Antibiotic-resistant superbugs in spotlight at high-level UN meeting
'Modern medicine as we know it ... depends on effective antibiotics,' expert warns
The United Nations General Assembly will hold a historic, high-level meeting on Wednesday to discuss a plan to fight antibiotic-resistant superbugs.
We fall sick when bacteria infect us and we take antibiotics to fight off those infections, but bacteria can evolve to withstand antibiotic drugs.
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And the medical world is losing the ability to keep ahead of microbial resistance. Antimicrobial resistance in bacteria, viruses and fungi already kills 700,000 people worldwide each year, according to a report to the British government.
On Wednesday at the UN General Assembly, world leaders will talk about ways to fight antimicrobial resistance. It's rare for a health topic to reach this level at the UN. The Ebola and HIV epidemics and noncommunicable or chronic diseases such as heart attacks and stroke, cancer, diabetes and asthma were the other instances.
"By the year 2050, it's been estimated that more people will die from these kinds of infections than die from cancer today," said Keiji Fukuda, special representative for antimicrobial resistance in the office of the World Health Organization's director general.
When bacteria resist all available antibiotics, routine surgeries such as C-sections and transplants or chemotherapy will become more dangerous without an effective way to keep infections at bay, said Ramanan Laxminarayan, director and senior fellow at the Center for Disease Dynamics, Economics and Policy in Washington.
"The average citizen has probably never met someone who died of a drug-resistant infection," Laxminarayan said. "But they probably know someone who's died of what's called a multi-organ failure or died in a hospital of an infection that couldn't be treated."
Outbreaks such as Ebola or Zika generate headlines, but antimicrobial infections haven't grabbed the attention of government and state leaders the same way, said Dr. Andrew Morris, director of antimicrobial stewardship at Sinai Health System and Toronto's University Health Network.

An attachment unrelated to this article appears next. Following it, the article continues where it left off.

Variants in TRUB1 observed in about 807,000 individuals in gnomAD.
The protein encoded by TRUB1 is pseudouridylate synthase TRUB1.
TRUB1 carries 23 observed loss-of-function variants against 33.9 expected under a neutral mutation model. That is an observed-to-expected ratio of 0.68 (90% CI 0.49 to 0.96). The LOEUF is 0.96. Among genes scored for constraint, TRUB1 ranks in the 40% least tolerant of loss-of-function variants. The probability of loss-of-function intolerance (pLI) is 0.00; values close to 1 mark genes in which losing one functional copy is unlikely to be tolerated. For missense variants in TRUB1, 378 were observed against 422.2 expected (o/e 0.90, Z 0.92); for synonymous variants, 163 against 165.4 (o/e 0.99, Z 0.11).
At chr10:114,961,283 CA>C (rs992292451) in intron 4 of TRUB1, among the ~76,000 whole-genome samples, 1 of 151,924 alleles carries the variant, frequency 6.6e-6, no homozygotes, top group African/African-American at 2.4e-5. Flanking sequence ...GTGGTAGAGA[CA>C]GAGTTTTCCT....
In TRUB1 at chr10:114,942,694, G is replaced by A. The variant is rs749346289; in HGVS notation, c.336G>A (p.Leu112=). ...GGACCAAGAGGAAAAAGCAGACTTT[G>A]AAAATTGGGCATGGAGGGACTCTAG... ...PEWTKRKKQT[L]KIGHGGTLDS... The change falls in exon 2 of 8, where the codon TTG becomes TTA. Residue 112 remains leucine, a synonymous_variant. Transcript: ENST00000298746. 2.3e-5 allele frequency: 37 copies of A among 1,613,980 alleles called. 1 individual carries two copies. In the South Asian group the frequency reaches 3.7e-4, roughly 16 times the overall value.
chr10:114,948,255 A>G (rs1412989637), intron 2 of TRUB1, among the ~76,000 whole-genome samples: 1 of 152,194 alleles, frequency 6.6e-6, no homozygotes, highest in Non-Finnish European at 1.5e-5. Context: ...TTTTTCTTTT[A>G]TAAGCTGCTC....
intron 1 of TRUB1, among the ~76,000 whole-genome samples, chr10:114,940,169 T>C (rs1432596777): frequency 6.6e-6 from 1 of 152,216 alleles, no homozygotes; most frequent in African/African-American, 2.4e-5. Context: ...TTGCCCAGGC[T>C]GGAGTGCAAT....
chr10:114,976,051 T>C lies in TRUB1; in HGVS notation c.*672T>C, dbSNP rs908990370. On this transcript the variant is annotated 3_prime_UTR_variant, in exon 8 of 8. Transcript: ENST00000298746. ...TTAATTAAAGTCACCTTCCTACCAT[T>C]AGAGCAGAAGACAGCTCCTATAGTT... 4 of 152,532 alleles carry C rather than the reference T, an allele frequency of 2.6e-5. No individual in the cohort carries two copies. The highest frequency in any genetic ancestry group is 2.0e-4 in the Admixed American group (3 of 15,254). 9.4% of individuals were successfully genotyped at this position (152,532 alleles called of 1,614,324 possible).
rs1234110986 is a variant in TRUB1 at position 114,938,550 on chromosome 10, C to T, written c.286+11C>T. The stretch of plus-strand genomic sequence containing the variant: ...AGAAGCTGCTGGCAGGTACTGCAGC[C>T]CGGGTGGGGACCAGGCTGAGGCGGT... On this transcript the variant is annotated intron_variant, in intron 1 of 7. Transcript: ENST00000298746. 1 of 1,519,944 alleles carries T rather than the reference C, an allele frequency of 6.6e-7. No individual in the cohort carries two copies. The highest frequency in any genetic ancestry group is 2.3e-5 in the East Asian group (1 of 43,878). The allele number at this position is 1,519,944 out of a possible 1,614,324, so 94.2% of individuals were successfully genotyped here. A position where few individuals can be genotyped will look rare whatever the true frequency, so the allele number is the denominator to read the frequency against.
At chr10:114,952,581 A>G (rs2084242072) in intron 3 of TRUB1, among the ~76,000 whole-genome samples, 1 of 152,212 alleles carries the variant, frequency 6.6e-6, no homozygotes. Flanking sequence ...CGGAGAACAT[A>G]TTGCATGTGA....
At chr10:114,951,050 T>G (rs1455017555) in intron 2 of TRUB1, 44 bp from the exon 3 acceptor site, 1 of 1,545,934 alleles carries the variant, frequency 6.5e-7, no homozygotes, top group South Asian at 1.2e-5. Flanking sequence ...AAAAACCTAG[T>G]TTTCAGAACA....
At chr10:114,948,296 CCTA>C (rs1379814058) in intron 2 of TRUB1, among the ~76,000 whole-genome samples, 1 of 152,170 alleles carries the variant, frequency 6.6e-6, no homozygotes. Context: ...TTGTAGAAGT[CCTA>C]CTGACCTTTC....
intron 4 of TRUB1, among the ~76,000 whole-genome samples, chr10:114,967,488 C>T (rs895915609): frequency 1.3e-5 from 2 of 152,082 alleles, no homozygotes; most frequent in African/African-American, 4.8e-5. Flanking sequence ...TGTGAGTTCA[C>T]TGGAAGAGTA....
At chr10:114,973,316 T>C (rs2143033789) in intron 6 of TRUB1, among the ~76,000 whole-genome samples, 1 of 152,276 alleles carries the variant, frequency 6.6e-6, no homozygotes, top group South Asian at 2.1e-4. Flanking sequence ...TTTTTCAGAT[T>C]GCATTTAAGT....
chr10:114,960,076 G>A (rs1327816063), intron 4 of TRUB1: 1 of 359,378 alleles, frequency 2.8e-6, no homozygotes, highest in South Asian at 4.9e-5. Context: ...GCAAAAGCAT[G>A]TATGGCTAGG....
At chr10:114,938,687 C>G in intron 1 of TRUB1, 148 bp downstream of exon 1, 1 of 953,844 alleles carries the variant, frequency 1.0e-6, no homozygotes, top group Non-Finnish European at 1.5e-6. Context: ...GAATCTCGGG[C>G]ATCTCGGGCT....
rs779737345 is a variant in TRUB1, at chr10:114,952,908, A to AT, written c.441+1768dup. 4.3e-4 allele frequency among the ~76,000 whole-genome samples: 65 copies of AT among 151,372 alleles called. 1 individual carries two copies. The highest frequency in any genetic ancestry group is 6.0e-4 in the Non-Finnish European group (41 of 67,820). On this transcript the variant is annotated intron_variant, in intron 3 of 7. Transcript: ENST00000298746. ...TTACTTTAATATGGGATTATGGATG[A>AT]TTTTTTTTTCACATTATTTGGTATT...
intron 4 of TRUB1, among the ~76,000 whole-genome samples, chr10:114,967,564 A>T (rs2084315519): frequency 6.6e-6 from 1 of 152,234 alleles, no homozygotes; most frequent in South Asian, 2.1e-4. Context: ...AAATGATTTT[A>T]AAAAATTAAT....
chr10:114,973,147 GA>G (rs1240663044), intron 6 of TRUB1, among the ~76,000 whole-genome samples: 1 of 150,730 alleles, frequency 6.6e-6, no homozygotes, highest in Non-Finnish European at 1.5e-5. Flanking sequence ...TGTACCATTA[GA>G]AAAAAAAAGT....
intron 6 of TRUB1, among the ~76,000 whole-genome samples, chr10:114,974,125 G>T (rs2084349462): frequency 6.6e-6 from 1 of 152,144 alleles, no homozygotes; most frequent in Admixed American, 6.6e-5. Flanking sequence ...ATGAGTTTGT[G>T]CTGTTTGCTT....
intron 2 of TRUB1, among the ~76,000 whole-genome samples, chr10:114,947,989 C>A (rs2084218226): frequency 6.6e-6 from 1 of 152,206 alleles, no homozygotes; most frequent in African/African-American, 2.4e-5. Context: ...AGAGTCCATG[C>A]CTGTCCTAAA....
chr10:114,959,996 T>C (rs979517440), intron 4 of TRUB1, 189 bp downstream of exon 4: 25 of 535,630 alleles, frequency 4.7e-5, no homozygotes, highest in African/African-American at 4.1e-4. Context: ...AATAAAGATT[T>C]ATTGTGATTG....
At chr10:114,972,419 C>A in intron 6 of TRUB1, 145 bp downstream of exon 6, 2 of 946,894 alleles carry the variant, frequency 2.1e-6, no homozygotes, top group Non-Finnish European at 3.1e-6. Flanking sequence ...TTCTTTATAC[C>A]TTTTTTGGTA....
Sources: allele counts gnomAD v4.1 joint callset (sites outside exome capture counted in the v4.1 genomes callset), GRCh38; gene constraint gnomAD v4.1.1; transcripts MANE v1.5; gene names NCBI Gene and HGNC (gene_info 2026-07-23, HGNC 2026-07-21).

"There are no walks, runs, bike rides, golf tournaments for antimicrobial resistance or antimicrobial stewardship," Morris said. "I think part of that is our fault for not educating the public on why it's such a huge issue."
Rise of drug-resistent infections
Morris said that when he trained 20 years ago, patients with infections where the treatment option was limited to one or two antibiotics was almost unheard of. "Now we see drug-resistant infections every single day."
Fukuda hopes the UN meeting about antimicrobial resistance will galvanize the attention of presidents and prime ministers around the world and lead them to find the money and political will to act on a problem that demands co-ordination from the health, agricultural and economic development sectors.
Individuals also need to use antibiotics in a responsible way, which will require the kind of culture shift that second-hand smoking faced, he said.
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Adding to the complexity, drug-resistant infections come in a variety of guises, from urinary tract infections, blood infections, skin infections, pneumonia, sexually transmitted infections such as gonorrhea, as well as diseases like tuberculosis and malaria, Fukuda said.
'Countries are now on notice'
There is no way to enforce a UN resolution, Laxminarayan acknowledged.
"Countries are now on notice," said Laxminarayan. "If they fail to act, the consequences are basically the dismantling of modern medicine as we know it. It all depends on effective antibiotics."
The UN spotlight lends support to individuals, professional societies and patients because it offers "a document to put in front of governments and say, 'You promised to do this and people are dying because you have not acted.'"
At the meeting, delegates will talk about solutions such as:
- Reducing the use of antibiotics in animal agriculture.
- Discovering new ways to kill bacteria.
- Finding ways to make new drugs economically viable and available to everyone who needs them.
On Tuesday, 13 drugmakers pledged to clean up pollution from factories making antibiotics and take steps to curb overuse of the medicines as part of the effort.
Companies that have signed on include branded and generic drug leaders, including Pfizer, Merck, Novartis, GlaxoSmithKline and Allergan, as well as Indian drug maker Cipla.
Their efforts to prevent overuse of antibiotics will involve a review of promotional activities and the implementation, by 2020, of concrete measures such as the removal of incentives to sell the drugs in larger volumes.
With files from CBC's Christine Birak and Reuters